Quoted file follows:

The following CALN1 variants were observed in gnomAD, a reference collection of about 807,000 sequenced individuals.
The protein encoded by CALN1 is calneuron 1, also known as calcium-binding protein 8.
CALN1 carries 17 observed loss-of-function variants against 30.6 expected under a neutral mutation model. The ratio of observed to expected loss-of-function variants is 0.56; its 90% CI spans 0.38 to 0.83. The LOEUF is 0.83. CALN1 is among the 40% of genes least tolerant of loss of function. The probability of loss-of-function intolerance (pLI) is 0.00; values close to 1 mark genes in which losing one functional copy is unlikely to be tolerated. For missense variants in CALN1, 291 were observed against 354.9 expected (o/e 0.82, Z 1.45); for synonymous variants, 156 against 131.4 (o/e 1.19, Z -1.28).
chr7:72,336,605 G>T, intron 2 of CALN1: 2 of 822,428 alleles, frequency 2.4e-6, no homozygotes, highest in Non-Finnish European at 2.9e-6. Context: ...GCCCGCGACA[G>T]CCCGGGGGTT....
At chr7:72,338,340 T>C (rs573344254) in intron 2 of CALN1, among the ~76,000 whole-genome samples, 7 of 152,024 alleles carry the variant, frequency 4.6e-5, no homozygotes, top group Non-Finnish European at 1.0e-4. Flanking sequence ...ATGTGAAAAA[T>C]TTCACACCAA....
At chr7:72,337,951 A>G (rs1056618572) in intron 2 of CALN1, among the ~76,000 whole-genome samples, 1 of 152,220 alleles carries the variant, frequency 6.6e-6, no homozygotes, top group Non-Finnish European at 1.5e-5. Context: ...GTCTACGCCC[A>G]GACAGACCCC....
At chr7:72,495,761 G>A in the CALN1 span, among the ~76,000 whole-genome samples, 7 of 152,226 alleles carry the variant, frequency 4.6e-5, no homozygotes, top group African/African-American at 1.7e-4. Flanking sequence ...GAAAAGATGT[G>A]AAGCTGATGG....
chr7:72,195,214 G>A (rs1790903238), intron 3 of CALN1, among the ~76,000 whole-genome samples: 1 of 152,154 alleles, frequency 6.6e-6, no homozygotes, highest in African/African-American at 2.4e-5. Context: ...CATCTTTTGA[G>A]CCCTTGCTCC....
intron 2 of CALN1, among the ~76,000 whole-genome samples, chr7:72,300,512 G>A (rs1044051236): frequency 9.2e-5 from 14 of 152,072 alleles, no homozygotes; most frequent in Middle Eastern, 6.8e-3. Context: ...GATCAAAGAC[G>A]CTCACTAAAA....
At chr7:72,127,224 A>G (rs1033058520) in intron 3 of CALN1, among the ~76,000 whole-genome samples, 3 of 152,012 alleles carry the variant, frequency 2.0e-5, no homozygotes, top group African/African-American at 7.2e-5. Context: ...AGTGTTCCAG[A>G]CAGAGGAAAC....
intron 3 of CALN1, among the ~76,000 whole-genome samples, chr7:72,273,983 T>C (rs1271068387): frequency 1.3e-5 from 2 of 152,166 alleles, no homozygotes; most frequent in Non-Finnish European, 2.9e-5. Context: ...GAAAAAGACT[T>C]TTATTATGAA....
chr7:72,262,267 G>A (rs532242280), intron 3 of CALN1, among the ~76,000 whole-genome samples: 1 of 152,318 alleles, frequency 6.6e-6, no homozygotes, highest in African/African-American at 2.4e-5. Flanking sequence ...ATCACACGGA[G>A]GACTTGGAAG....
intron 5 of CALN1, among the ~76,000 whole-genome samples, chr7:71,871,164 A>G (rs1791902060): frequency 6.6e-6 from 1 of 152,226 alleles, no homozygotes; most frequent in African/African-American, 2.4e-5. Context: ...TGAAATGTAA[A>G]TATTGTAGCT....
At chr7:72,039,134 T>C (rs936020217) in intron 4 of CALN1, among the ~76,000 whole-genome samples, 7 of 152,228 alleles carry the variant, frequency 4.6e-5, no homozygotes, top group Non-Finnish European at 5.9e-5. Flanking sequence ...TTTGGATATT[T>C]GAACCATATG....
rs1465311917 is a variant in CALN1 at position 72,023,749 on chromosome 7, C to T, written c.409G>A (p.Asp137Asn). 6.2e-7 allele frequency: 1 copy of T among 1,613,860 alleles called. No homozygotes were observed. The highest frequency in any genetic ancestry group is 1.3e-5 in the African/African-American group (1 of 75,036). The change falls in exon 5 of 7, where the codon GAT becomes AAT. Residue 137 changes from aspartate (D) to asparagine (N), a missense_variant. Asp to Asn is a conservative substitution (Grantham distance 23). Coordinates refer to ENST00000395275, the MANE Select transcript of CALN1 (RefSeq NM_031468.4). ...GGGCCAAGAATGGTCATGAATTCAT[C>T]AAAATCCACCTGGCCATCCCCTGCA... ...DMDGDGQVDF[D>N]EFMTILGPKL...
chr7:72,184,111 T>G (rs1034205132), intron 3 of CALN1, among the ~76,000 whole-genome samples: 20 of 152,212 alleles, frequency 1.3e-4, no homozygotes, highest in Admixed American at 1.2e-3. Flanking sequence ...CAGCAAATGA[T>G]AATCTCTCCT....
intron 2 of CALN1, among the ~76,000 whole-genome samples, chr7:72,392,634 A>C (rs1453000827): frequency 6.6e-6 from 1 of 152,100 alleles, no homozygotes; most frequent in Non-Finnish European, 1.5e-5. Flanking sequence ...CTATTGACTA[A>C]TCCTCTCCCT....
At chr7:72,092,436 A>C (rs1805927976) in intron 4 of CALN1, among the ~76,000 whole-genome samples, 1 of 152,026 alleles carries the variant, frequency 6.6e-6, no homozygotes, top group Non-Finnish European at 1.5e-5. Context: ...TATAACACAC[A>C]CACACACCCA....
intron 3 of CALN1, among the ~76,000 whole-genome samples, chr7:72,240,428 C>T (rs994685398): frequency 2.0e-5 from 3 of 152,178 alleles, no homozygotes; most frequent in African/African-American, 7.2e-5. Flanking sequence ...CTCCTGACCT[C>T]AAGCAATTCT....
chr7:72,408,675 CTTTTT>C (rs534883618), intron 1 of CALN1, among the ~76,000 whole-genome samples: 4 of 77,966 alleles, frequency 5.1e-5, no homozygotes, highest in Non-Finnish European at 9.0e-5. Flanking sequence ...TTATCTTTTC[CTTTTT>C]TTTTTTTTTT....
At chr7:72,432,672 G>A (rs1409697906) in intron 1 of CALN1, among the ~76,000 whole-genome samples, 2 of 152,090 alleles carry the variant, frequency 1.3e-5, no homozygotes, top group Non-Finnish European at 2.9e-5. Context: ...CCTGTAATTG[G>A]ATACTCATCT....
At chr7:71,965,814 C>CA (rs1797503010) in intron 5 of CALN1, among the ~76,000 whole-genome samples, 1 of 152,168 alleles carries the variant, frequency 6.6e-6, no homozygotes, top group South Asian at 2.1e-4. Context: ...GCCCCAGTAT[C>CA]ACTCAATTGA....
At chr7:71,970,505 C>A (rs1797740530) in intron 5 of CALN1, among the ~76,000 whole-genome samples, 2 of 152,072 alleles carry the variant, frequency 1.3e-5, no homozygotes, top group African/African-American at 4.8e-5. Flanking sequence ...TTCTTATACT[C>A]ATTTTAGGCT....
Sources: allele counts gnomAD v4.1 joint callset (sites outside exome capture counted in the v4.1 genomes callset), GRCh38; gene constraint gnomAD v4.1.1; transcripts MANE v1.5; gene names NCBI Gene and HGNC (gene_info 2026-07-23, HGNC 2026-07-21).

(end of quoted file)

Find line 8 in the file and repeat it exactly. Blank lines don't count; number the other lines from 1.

chr7:72,195,214 G>A (rs1790903238), intron 3 of CALN1, among the ~76,000 whole-genome samples: 1 of 152,154 alleles, frequency 6.6e-6, no homozygotes, highest in African/African-American at 2.4e-5. Context: ...CATCTTTTGA[G>A]CCCTTGCTCC....